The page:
How To Build a Vertical Surf Rack on the Cheap

My quiver grew to a half dozen this summer and storage was becoming scarce. All the nooks, crannies and corners were spoken for and by August I was actually storing a board or two in the car. It was time to finally build a permanent spot for the boards. I searched all over the Internet for examples, but only found blueprints and schematics for horizontal racks.  I knew I wanted to go vertical (tail on the floor, nose to ceiling) to allow for expansion (wishful thinking?). I had a lot of guess work, but it seems to be working out well enough.

Best of all, you can pull this off for next to nothing using stuff lying around the house/garage.  However, I did spend some cash, which I’ll price out for you later on. (Had I been more diligent though, I could have cut the price down even further!) Price really depends on how many board you are building for and how deluxe you want the rack. (I went deluxe.)  But look around your house and garage for materials to use, be creative.  Chances are you have much of the supplies you’ll need at the ready. (This whole project could fall under the Reuse portion of the Reduce, Reuse, Recycle ethos!)

For the bare bones edition of this project, all you’ll need is:

Things to consider for a more deluxe version:

And here is what I did (click on any image to enlarge):

  1. Clear out a spaceClean Up – Clear out a space in your garage or wherever you plan to store the boards.  Make sure you have enough room set aside for the size of the rack you plan to put in.  Beatles poster and astroturf are a must.
  2. Mark the center-line and drill spots2×4 – Take the 2×4 and mark out a center line lengthwise.  Next mark out spots to drill holes for the dowels.  For the boards with bigger fins, I went 12″ between drill spots, and then 11″ between spots for the short boards.  In the end, the 12″ gap was a tight fit, but worked. You may want to consider and extra inch or two if you have extra room.  Also be sure to take the dowel’s diameter into consideration when considering spacing between the drill holes.
  3. Drill!Drill Holes – If you have access to a drill press, definitely use it.  You’ll get much better results.  Ideally, you want the drill bit and the dowel diameter to match so the dowels fit snugly into their holes.  With a hand drill you run the risk of getting a bit of wobble in the drilling action thus creating a slightly wider opening/less snug fit for the dowel.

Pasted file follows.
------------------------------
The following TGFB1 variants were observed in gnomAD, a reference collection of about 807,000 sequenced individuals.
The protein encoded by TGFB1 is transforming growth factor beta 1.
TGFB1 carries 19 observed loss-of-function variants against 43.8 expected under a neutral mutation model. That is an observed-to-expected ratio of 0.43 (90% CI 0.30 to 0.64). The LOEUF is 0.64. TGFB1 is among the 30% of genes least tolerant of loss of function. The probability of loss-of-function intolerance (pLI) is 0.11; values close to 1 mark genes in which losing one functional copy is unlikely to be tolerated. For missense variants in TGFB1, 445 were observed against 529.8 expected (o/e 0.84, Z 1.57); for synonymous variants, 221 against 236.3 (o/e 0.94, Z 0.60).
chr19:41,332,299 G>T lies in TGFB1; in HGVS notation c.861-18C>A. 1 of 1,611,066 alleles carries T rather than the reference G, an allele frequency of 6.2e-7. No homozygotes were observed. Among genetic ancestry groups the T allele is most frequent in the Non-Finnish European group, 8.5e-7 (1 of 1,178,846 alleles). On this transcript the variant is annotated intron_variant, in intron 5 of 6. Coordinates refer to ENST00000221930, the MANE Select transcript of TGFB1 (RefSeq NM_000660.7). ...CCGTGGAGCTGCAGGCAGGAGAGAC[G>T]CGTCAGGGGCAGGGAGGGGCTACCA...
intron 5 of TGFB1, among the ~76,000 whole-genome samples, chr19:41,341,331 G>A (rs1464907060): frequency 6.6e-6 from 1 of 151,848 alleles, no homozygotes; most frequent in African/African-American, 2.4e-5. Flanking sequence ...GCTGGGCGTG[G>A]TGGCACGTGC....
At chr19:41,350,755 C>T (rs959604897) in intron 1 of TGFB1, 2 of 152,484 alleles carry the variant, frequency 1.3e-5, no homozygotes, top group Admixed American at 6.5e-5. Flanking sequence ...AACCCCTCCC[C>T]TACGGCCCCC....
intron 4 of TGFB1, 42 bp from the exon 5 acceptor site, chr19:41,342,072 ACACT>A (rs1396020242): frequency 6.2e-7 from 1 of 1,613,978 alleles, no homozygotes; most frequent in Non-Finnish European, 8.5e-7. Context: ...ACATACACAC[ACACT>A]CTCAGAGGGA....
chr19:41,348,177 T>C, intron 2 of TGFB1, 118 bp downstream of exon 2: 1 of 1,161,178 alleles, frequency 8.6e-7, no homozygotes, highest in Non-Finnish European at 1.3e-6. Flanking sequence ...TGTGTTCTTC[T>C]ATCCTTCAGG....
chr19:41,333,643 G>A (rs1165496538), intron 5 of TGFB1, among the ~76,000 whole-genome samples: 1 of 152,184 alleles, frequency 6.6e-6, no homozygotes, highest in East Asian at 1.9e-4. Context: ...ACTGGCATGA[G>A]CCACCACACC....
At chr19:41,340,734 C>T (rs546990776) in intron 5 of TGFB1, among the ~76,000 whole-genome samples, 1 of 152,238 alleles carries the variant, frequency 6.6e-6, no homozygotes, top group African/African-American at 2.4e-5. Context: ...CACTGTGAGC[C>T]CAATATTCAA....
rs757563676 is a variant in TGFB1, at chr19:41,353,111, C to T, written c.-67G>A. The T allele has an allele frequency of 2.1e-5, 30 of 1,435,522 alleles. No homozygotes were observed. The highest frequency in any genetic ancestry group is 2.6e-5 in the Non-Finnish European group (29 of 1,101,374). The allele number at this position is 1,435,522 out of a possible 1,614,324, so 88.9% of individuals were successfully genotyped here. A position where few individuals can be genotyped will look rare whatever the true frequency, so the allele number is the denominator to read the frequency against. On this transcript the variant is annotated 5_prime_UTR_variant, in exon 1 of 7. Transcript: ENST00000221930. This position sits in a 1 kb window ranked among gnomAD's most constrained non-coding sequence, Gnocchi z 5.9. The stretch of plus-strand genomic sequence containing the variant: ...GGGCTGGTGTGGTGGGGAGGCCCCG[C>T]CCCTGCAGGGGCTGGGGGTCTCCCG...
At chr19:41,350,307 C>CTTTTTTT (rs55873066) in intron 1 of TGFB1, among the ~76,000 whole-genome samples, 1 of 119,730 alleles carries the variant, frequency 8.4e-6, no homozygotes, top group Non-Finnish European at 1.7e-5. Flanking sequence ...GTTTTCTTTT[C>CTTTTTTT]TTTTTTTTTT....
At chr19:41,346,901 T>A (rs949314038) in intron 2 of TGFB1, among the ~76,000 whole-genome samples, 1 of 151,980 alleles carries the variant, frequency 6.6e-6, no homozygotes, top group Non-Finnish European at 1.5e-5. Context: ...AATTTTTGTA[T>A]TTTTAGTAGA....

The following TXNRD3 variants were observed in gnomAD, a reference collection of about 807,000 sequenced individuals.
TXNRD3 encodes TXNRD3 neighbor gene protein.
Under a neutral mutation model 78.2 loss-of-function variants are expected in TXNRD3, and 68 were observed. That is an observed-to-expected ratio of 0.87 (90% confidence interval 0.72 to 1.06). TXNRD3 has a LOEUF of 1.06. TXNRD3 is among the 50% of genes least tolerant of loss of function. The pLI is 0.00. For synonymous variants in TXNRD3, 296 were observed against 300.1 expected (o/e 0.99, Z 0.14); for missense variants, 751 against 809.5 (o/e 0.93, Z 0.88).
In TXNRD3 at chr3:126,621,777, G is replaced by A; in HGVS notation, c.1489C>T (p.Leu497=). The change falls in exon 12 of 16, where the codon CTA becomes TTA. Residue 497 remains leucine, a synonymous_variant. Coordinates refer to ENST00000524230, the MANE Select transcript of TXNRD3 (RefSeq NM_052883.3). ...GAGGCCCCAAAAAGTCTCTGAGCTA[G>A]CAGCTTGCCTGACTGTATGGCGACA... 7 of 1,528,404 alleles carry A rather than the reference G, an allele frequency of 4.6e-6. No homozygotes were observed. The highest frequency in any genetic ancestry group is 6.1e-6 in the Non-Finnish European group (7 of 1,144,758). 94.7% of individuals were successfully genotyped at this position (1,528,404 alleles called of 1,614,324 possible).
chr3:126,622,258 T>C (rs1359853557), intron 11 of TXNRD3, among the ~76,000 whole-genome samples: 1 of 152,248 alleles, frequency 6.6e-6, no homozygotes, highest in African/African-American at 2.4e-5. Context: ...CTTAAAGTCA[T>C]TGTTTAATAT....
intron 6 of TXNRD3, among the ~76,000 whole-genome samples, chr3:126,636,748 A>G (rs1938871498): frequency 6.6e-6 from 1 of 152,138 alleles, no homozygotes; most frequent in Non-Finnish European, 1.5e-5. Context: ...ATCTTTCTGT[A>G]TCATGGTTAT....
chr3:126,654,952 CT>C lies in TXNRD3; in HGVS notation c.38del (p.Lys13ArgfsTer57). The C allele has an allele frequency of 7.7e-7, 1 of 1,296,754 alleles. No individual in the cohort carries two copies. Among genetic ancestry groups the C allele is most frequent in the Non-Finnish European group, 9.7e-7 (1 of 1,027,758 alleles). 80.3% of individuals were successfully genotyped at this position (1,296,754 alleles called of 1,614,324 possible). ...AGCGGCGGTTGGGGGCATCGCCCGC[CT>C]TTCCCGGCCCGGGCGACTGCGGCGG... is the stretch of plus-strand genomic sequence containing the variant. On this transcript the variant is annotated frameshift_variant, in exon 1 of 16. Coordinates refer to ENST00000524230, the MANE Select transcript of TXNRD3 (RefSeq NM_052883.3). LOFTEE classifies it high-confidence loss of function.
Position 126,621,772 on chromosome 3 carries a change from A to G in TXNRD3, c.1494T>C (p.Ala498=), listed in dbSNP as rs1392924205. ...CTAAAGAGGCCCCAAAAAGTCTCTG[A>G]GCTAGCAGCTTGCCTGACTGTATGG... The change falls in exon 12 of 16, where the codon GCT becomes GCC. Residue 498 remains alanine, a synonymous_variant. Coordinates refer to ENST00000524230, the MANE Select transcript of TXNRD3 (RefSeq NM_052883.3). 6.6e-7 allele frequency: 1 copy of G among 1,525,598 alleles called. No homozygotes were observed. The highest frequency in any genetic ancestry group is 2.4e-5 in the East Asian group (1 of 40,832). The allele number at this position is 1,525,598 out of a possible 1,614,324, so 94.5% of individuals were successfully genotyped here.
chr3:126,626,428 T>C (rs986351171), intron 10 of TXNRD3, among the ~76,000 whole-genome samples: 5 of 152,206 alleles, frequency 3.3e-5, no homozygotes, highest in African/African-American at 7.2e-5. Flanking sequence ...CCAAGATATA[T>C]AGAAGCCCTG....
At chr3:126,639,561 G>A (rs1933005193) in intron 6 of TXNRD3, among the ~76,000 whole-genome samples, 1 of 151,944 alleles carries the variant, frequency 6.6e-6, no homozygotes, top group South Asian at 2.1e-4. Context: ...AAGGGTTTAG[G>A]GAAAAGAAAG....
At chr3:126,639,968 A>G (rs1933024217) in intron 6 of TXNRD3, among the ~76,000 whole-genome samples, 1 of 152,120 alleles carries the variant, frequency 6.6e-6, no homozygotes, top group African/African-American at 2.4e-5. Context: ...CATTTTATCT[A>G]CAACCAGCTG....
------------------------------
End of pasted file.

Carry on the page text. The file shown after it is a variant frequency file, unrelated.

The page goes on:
4. Prepare Dowels – I bought 1″ hardwood dowels.  (I’ve heard that the softer wood can warp and compress over time resulting in a floppy dowel.)  But I suspect that PVC pipe would work well for this too.  I cut my dowels down to 24″ segments which seems to be wide enough for even my beefiest board.
  5. Make adjustments... : (Glue and place dowelsAttach Dowels to 2×4 – Place each of your dowels into the holes drilled into the 2×4.  For extra strength (and because I used a hand drill and worried the dowels might spontaneously pop out), I smothered the dowels’ ends with Wood Glue and then placed them into their spots.  Even with the glue, I had a few wobbly dowels.  I used toothpicks to straighten out the direction of the dowel as well as tighten the fit of the dowel.  After the glue was dry I used a Dremel to saw out the protruding bit of the toothpicks.
  6. Mount the RackMount 2×4 – Find the wall studs or something super sturdy and attach the 2×4 to the wall using wood screws.  I put the height of the rack at 4’8″, but this can vary based on the difference in height between you largest and shortest board.  My boards range from 9′ to 6’8″.  Also, with the bigger racks, get some buddies to help you out with this step. This is not a one-person job.  (You may consider doing this step before attaching the dowels (#5).  It definitely would have been easier to mount the 2×4 before I had the dowels in, but if you have to make adjustments to the holes afterward… Carpenter’s choice.)
  7. Eye - string - hookScrew in eyesSecure Boards* – Living in California, I always worry that an earthquake will bring all my boards down.  I picked this idea from Harbour Surf Shop.  I bought few sets of hook and eyes and some nylon string.  I screwed an eye into the end of each dowel, then connected the eye to the hook with a length of the nylon string so I could “lock” the boards into their slots.